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Reading Matters

By Jean Dugan

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We all take dozens of risks every day, choices that could lead to disaster or adventure or anything in between. Hoping for the best, we pick up the phone, try a new kind of food, and pull out onto the highway of life. When we take risks, of whatever size or seriousness, we open ­ourselves up to something new — the choice is ours.

Making mistakes can be risky! Todd Parr in his gentle and comforting way, and with his usual wacky and colorful illustrations, reminds us in It’s Okay to Make Mistakes that the only way to learn is to try. Fall down? You can get right back up. Wardrobe mishap? Maybe you’ll start a new trend. Take a wrong turn? You might discover something new. Taking risks can lead to all kinds of good things — new friends and new adventures and new skills.
It’s Okay to Make Mistakes by Todd Parr (Little, Brown and Company, 2014) Ages 2 – 7.

It’s risky to try new things, and to make new friends, but oh how good it feels in the end! Lizzie, in A Small Thing… but Big, is terrified of dogs. When she meets scruffy Cecile and her quiet owner in the park, the old man encourages Lizzie to pet his dog. One small brave step leads to another and soon Lizzie is happily walking Cecile around the park on her own. It’s indeed a small thing, but a big victory for Lizzie and, we learn, for Cecile’s owner as well. Hadley Hooper’s soft pastel illustrations accompany Tony Johnston’s charming story.
A Small Thing… but Big by Tony Johnston, illustrated by Hadley Hooper (Roaring Brook Press, 2016) Ages 2 – 6.

Mo Willems presents That is NOT a Good Idea as still pictures from a silent film, with commentary by a Greek chorus of baby geese. A wide-eyed, motherly, and rather plump goose meets a grinning, shifty-eyed fox on the streets of Paris, and a dinner invitation is issued. You can see where this is going, and so can the audience of horrified goslings and young readers who repeatedly try to warn the pair of the risk. But ultimately all is well, and dinner is delicious.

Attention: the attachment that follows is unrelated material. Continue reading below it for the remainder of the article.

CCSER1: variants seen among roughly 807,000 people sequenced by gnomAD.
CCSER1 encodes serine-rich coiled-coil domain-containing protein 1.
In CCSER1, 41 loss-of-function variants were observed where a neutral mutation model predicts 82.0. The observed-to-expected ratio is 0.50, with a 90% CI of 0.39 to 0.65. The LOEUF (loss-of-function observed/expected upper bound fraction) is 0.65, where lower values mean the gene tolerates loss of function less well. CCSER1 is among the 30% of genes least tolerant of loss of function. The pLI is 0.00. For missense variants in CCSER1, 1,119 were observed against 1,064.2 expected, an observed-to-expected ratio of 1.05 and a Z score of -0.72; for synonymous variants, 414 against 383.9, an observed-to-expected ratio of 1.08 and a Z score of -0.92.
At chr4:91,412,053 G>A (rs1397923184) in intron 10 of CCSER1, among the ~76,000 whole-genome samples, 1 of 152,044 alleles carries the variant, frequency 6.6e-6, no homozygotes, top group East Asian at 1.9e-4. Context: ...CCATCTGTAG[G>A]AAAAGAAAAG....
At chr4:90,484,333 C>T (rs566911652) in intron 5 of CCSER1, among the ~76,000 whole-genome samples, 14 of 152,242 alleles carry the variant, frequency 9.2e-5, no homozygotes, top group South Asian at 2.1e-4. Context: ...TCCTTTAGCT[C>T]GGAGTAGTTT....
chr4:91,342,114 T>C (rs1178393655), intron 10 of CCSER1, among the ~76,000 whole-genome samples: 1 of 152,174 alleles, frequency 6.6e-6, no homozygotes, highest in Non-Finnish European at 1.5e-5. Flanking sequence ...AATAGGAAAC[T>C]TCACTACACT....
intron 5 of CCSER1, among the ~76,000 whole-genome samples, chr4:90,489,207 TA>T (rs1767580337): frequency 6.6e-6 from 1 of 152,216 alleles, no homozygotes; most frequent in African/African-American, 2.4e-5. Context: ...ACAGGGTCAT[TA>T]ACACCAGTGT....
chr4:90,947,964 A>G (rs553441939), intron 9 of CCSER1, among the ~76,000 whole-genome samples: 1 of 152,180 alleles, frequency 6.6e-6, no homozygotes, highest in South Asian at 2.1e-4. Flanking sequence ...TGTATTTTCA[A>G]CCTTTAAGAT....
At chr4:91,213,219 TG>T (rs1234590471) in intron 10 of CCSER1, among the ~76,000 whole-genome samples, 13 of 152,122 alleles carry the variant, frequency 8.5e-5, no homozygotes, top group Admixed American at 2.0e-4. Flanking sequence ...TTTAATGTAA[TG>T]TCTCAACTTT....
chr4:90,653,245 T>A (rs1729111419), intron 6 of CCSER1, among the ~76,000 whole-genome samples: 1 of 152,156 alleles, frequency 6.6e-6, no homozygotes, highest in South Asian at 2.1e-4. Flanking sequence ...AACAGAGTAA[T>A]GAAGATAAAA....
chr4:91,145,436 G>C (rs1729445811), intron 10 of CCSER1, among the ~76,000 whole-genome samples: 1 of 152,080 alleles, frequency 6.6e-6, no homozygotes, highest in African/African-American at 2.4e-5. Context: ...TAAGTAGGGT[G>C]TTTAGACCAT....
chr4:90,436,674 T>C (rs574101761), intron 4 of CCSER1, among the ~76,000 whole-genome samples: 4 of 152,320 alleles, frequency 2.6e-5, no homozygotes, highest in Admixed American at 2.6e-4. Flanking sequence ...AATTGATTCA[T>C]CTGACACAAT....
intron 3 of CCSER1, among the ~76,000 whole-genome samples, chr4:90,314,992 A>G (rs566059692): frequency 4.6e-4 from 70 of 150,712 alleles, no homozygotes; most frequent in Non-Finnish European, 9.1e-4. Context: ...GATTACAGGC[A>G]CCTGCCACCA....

That is NOT a Good Idea by Mo Willems (HarperCollins, 2013) Ages 2 – 5.

It’s risky to confront the monsters in the room, but it’s the only way to grow. Chris Hadfield, in The Darkest Dark, dreams of becoming an astronaut,but knows he must overcome his paralyzing fear of the dark to pursue that dream. As he watches the 1969 moon landing on his neighbor’s television, he suddenly realizes that space is the darkest dark possible — but something he needs to explore. This is a true story of overcoming fear; as an adult, the real Chris Hadfield became the first Canadian commander of the International Space Station.
The Darkest Dark by Chris Hadfield and Kate Fillion, illustrated by the Fan Brothers (Little, Brown and Company, 2016) Ages 5 – 8.

Women have always taken risks when they step outside traditional roles. Kathy Sullivan’s glass ceiling was outer space. As a child, she loved exploring, travel, and technology and had no interest in the kinds of careers her friends aspired to. Kathy’s story, To the Stars!, alternates between her childhood dreams and her adult achievements — including becoming the first American woman to walk in space. Sullivan is co-author of this picture book celebrating her triumphant career.
To the Stars! The First American Woman to Walk in Space by Carmella Van Vleet and Dr. Kathy Sullivan, illustrated by Nicole Wong (Charlesbridge, 2016) Ages 6 – 10.

Explorers take risks. When Thor Heyerdahl set off from Peru on the raft Kon-Tiki in 1947, he had minimal equipment and little food on a vessel that would break apart before reaching land. But, there was only one way to prove his theory that Polynesia was settled from the east rather than the west: he and his crew had to take the risk that the Humboldt Current would get them there. In The Impossible Voyage of Kon-Tiki, Deborah Kogan Ray brings the danger and excitement of the 4,300-mile voyage alive for young readers.
The Impossible Voyage of Kon-Tiki by Deborah Kogan Ray (Charlesbridge, 2015) Ages 6 – 10.



Jean Dugan, a long-time friend of Exchange, has been connecting kids with books for over 40 years. She helped establish a library program in the ­elementary schools of Gloucester, Massachusetts, and later brought her love of children’s ­literature to the public library there. This is one more opportunity for her to share the best new books with children and those who care about them.